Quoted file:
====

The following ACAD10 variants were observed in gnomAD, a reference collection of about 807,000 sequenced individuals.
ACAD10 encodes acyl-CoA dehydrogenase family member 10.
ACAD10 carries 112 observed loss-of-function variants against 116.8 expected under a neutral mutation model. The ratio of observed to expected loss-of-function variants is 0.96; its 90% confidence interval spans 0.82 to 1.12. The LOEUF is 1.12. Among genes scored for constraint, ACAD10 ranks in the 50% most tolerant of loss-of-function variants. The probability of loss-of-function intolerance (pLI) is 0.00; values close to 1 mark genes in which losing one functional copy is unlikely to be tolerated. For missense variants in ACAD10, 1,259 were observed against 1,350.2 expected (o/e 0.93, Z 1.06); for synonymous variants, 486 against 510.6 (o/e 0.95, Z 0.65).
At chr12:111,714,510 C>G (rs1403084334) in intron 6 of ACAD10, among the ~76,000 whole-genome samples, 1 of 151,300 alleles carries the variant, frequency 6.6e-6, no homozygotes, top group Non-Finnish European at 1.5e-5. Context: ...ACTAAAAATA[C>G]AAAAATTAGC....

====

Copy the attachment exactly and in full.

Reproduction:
The following ACAD10 variants were observed in gnomAD, a reference collection of about 807,000 sequenced individuals.
ACAD10 encodes acyl-CoA dehydrogenase family member 10.
ACAD10 carries 112 observed loss-of-function variants against 116.8 expected under a neutral mutation model. The ratio of observed to expected loss-of-function variants is 0.96; its 90% confidence interval spans 0.82 to 1.12. The LOEUF is 1.12. Among genes scored for constraint, ACAD10 ranks in the 50% most tolerant of loss-of-function variants. The probability of loss-of-function intolerance (pLI) is 0.00; values close to 1 mark genes in which losing one functional copy is unlikely to be tolerated. For missense variants in ACAD10, 1,259 were observed against 1,350.2 expected (o/e 0.93, Z 1.06); for synonymous variants, 486 against 510.6 (o/e 0.95, Z 0.65).
At chr12:111,714,510 C>G (rs1403084334) in intron 6 of ACAD10, among the ~76,000 whole-genome samples, 1 of 151,300 alleles carries the variant, frequency 6.6e-6, no homozygotes, top group Non-Finnish European at 1.5e-5. Context: ...ACTAAAAATA[C>G]AAAAATTAGC....